A very powerful and flexible option offered by the preconfiguration tools is the ability to run commands or scripts at certain points in the installation.
# d-i preseeding is inherently not secure. Nothing in the installer checks # for attempts at buffer overflows or other exploits of the values of a # preconfiguration file like this one. Only use preconfiguration files from # trusted locations! To drive that home, and because it's generally useful, # here's a way to run any shell command you'd like inside the installer, # automatically. # This first command is run as early as possible, just after # preseeding is read. #d-i preseed/early_command string anna-install some-udeb # This command is run just before the install finishes, but when there is # still a usable /target directory. You can chroot to /target and use it # directly, or use the apt-install and in-target commands to easily install # packages and run commands in the target system. #d-i preseed/late_command string apt-install zsh; in-target chsh -s /bin/zsh
It is possible to use preseeding to change the default answer for a question, but still have the question asked. To do this the seen flag must be reset to “false” after setting the value for a question.
d-i foo/bar string value d-i foo/bar seen false
The same effect can be achieved for all questions by
setting the parameter
the boot prompt. This can also be useful for testing or debugging your
Note that the “d-i” owner should only be used for variables used in the installer itself. For variables belonging to packages installed on the target system, you should use the name of that package instead. See the footnote to Section B.2.2, “Using boot parameters to preseed questions”.
If you are preseeding using boot parameters, you can make the installer ask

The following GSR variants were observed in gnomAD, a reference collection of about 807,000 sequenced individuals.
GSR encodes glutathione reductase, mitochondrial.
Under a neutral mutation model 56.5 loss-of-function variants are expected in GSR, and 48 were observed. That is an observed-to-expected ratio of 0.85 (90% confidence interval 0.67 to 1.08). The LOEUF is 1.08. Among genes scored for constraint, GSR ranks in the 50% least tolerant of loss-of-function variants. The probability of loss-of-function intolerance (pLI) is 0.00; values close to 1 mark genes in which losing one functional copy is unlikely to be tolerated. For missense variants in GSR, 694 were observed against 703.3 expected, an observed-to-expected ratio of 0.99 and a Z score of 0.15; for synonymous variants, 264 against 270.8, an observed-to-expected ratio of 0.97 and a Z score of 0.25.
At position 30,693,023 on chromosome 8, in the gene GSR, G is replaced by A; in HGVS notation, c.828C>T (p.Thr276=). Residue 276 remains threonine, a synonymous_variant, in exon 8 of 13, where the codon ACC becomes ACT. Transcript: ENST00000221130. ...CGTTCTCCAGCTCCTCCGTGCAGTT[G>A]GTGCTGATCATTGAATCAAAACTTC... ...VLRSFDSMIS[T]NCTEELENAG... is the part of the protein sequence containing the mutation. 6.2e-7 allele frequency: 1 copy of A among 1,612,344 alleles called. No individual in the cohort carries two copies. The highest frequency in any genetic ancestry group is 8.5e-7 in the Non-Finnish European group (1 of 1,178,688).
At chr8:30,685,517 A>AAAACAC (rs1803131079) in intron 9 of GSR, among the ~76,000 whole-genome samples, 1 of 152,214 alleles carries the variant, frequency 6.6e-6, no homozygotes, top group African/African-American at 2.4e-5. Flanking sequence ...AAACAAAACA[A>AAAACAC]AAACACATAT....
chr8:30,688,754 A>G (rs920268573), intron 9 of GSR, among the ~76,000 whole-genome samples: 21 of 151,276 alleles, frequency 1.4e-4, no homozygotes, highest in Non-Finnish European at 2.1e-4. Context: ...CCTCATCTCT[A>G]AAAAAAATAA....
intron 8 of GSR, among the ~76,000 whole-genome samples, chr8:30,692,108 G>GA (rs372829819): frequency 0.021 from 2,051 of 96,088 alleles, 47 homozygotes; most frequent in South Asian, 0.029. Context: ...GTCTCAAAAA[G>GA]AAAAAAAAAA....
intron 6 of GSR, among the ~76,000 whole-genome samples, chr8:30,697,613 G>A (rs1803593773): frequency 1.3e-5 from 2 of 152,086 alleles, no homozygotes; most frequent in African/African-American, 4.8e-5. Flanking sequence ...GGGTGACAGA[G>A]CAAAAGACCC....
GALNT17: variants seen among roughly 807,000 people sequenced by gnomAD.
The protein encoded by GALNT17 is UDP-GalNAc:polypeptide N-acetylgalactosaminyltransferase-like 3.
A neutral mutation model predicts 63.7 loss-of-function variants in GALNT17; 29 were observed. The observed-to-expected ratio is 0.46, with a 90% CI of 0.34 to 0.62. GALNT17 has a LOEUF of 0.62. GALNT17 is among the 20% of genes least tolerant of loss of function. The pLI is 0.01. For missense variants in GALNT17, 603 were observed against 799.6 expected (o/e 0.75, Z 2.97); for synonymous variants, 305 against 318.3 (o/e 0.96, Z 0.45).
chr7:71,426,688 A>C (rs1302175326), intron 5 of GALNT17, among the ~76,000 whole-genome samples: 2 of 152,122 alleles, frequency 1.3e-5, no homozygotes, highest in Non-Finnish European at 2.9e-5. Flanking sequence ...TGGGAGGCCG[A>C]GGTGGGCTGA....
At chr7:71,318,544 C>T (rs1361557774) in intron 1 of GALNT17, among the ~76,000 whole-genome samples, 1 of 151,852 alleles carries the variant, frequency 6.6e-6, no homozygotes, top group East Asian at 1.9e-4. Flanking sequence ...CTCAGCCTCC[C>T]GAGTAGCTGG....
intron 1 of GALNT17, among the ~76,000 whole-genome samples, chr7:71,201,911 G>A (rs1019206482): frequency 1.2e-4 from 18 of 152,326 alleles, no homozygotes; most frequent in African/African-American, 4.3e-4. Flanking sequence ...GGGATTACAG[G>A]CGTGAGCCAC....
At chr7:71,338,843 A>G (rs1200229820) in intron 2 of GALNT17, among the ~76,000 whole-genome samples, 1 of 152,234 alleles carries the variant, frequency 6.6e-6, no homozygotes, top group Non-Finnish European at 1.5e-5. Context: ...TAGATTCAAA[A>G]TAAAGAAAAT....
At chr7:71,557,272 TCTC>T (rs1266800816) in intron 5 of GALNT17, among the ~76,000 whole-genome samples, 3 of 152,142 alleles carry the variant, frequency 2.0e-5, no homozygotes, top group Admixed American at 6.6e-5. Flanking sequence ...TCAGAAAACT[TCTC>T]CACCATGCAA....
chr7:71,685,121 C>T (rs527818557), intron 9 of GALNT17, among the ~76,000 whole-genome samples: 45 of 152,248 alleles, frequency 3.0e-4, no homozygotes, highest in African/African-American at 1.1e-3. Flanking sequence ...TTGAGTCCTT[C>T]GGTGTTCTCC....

the corresponding question by using the “?=” operator, i.e.
This will of course only have effect for parameters that correspond to
questions that are actually displayed during an installation and not for
It is possible to include other preconfiguration files from a preconfiguration file. Any settings in those files will override pre-existing settings from files loaded earlier. This makes it possible to put, for example, general networking settings for your location in one file and more specific settings for certain configurations in other files.
# More than one file can be listed, separated by spaces; all will be # loaded. The included files can have preseed/include directives of their # own as well. Note that if the filenames are relative, they are taken from # the same directory as the preconfiguration file that includes them. #d-i preseed/include string x.cfg # The installer can optionally verify checksums of preconfiguration files # before using them. Currently only md5sums are supported, list the md5sums # in the same order as the list of files to include. #d-i preseed/include/checksum string 5da499872becccfeda2c4872f9171c3d # More flexibly, this runs a shell command and if it outputs the names of # preconfiguration files, includes those files. #d-i preseed/include_command \ # string if [ "`hostname`" = bob ]; then echo bob.cfg; fi # Most flexibly of all, this downloads a program and runs it. The program # can use commands such as debconf-set to manipulate the debconf database. # More than one script can be listed, separated by spaces. # Note that if the filenames are relative, they are taken from the same # directory as the preconfiguration file that runs them. #d-i preseed/run string foo.sh
It is also possible to chainload from the initrd or file preseeding phase, into network preseeding by setting preseed/url in the earlier files. This will cause network preseeding to be performed when the network comes up. You need to be careful when doing this, since there will be two distinct runs at preseeding, meaning for example that you get another chance to run the preseed/early command, the second one happening after the network comes up.